By Sophie Louet
PARIS (Reuters) - French conservative presidential candidate Francois Fillon's shrinking supporter base was eroded further on Thursday, a day after news that he faces a formal investigation for allegations he misused public funds.
A Harris Interactive poll showed 25 percent of people want him to continue as a candidate, down from 35 percent a month ago, while within his Republicans party there were more resignations from his campaign after he decided on Wednesday to stay in the race.
Le Parisien newspaper said Fillon's Paris house was searched on Thursday morning by investigators probing allegations that he paid his wife hundreds of thousands of euros of public money to do very little work. An official at the financial prosecutor's office declined comment.
A defiant Fillon said he would not give in despite suffering what he said were "weeks of attacks with disproportionate violence".
"You have a fighter before you," he told cheering supporters waving French flags at an evening rally in the southern city of Nimes. "...I have no intention of giving in."
Former poll favourite Fillon, who complains of unfair treatment from the justice system and media, says he has done nothing wrong.
With less than two months to go to the April 23 first round vote, surveys now consistently point to a run-off on May 7 between independent candidate Emmanuel Macron and far-right National Front leader Marine Le Pen that Macron would win.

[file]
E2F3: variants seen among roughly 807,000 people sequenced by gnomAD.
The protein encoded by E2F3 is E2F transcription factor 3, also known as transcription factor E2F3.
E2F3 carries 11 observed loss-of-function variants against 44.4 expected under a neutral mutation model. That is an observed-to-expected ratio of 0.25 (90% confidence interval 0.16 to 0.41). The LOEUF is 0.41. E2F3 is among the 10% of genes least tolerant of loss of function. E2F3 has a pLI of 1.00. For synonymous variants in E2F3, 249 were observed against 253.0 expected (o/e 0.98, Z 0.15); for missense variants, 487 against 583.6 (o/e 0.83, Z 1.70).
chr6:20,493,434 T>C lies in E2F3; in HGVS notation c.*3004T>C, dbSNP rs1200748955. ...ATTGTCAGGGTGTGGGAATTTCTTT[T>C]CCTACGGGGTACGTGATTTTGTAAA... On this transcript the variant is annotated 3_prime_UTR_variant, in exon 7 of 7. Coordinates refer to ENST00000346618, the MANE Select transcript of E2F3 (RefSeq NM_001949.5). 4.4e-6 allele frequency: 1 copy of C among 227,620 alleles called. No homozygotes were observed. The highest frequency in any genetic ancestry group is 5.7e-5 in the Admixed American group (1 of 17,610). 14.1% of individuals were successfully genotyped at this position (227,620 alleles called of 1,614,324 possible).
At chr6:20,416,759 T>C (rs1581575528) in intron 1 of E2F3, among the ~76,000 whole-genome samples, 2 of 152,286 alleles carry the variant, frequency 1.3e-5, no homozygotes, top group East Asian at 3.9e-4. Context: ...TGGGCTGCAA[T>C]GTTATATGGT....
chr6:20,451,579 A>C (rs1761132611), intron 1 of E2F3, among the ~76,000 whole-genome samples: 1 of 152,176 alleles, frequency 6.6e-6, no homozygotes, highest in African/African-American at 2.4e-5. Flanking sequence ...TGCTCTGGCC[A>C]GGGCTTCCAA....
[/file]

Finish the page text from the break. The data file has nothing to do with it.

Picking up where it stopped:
Macron announced a full manifesto on Thursday while Le Pen gave a speech on "intelligent protectionism", calling for the nationalisation of France's public debt.
"Everywhere, from Donald Trump's America, to Narendra Modi's India, from Xi Jinping's China to Theresa May's United Kingdom, economic patriotism is prevailing," she said.
One of the first opinion polls partly taken after Fillon's legal woes deepened on Wednesday, when adviser Bruno Le Maire quit his campaign, showed his support dipping below 20 percent for the first time in a week and the gap widening between him and the two leaders.
The Elabe poll, carried out between Tuesday and Thursday, showed Fillon on 19 percent, trailing Le Pen on 27 percent and Macron on 24 percent.
On Thursday, campaign treasurer Gilles Boyer, deputy campaign director Sebastien Lecornu and adviser Vincent Le Roux followed Le Maire's lead, along with a number of more junior campaign staff.
Three other high-ranking lawmakers from the left wing of the party - Benoist Apparu, Christophe Bechu and Edouard Philippe - also quit the Fillon cause, saying their decision was prompted by his repeated attacks on the judiciary.
The 62-year-old ex-prime minister is due to be questioned on March 15 by investigating magistrates, who will decide whether to place him under formal investigation. Supporters plan a rally in Paris on Sunday backing his campaign and protesting at his treatment.
Sources in the Fillon camp have said there was a strong push by some in the party on Wednesday to have former prime minister Alain Juppe stand in Fillon's place, but that the plan was vetoed by Nicolas Sarkozy, the former president.
"I am convinced that Francois Fillon is about to fall," Georges Fenech, a lawmaker who led a failed rebellion against Fillon last month, told France Info radio. "It seems to me that today only he (Juppe), with all his experience, can carry the flame."
Juppe, 71, has insisted he has no interest in replacing Fillon.
(Reporting by Sophie Louet; Writing by Andrew Callus and Adrian Croft; editing by Mark John and John Stonestreet)